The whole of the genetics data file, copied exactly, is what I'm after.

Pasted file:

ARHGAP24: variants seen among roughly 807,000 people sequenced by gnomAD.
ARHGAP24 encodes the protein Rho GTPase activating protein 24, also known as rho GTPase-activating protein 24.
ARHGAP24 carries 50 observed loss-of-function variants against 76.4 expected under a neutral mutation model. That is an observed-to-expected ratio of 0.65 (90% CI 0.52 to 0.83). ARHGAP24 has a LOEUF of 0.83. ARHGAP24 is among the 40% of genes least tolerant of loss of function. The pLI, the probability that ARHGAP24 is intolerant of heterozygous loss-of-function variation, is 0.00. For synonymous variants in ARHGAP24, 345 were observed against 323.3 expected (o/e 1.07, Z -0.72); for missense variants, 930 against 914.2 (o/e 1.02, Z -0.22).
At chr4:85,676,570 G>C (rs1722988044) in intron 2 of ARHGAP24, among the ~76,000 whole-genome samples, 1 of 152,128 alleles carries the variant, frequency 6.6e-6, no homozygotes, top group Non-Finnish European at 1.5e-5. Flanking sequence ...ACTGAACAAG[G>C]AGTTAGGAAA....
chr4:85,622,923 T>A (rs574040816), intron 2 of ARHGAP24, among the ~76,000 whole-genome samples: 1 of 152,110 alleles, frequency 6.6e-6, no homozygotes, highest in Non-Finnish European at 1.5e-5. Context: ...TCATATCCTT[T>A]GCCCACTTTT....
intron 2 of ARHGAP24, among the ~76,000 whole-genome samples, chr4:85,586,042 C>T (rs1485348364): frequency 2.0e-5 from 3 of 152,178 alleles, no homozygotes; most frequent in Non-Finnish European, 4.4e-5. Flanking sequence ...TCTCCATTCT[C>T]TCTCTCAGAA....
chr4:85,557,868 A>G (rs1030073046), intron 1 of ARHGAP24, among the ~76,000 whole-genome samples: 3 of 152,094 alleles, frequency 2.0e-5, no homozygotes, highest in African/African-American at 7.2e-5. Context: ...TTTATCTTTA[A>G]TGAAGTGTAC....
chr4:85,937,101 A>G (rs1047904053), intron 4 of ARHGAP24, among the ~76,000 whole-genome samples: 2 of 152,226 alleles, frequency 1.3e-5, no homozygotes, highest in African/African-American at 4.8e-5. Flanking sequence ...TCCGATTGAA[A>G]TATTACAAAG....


ARHGAP24: variants seen among roughly 807,000 people sequenced by gnomAD.
ARHGAP24 encodes the protein Rho GTPase activating protein 24, also known as rho GTPase-activating protein 24.
ARHGAP24 carries 50 observed loss-of-function variants against 76.4 expected under a neutral mutation model. That is an observed-to-expected ratio of 0.65 (90% CI 0.52 to 0.83). ARHGAP24 has a LOEUF of 0.83. ARHGAP24 is among the 40% of genes least tolerant of loss of function. The pLI, the probability that ARHGAP24 is intolerant of heterozygous loss-of-function variation, is 0.00. For synonymous variants in ARHGAP24, 345 were observed against 323.3 expected (o/e 1.07, Z -0.72); for missense variants, 930 against 914.2 (o/e 1.02, Z -0.22).
At chr4:85,676,570 G>C (rs1722988044) in intron 2 of ARHGAP24, among the ~76,000 whole-genome samples, 1 of 152,128 alleles carries the variant, frequency 6.6e-6, no homozygotes, top group Non-Finnish European at 1.5e-5. Flanking sequence ...ACTGAACAAG[G>C]AGTTAGGAAA....
chr4:85,622,923 T>A (rs574040816), intron 2 of ARHGAP24, among the ~76,000 whole-genome samples: 1 of 152,110 alleles, frequency 6.6e-6, no homozygotes, highest in Non-Finnish European at 1.5e-5. Context: ...TCATATCCTT[T>A]GCCCACTTTT....
intron 2 of ARHGAP24, among the ~76,000 whole-genome samples, chr4:85,586,042 C>T (rs1485348364): frequency 2.0e-5 from 3 of 152,178 alleles, no homozygotes; most frequent in Non-Finnish European, 4.4e-5. Flanking sequence ...TCTCCATTCT[C>T]TCTCTCAGAA....
chr4:85,557,868 A>G (rs1030073046), intron 1 of ARHGAP24, among the ~76,000 whole-genome samples: 3 of 152,094 alleles, frequency 2.0e-5, no homozygotes, highest in African/African-American at 7.2e-5. Context: ...TTTATCTTTA[A>G]TGAAGTGTAC....
chr4:85,937,101 A>G (rs1047904053), intron 4 of ARHGAP24, among the ~76,000 whole-genome samples: 2 of 152,226 alleles, frequency 1.3e-5, no homozygotes, highest in African/African-American at 4.8e-5. Flanking sequence ...TCCGATTGAA[A>G]TATTACAAAG....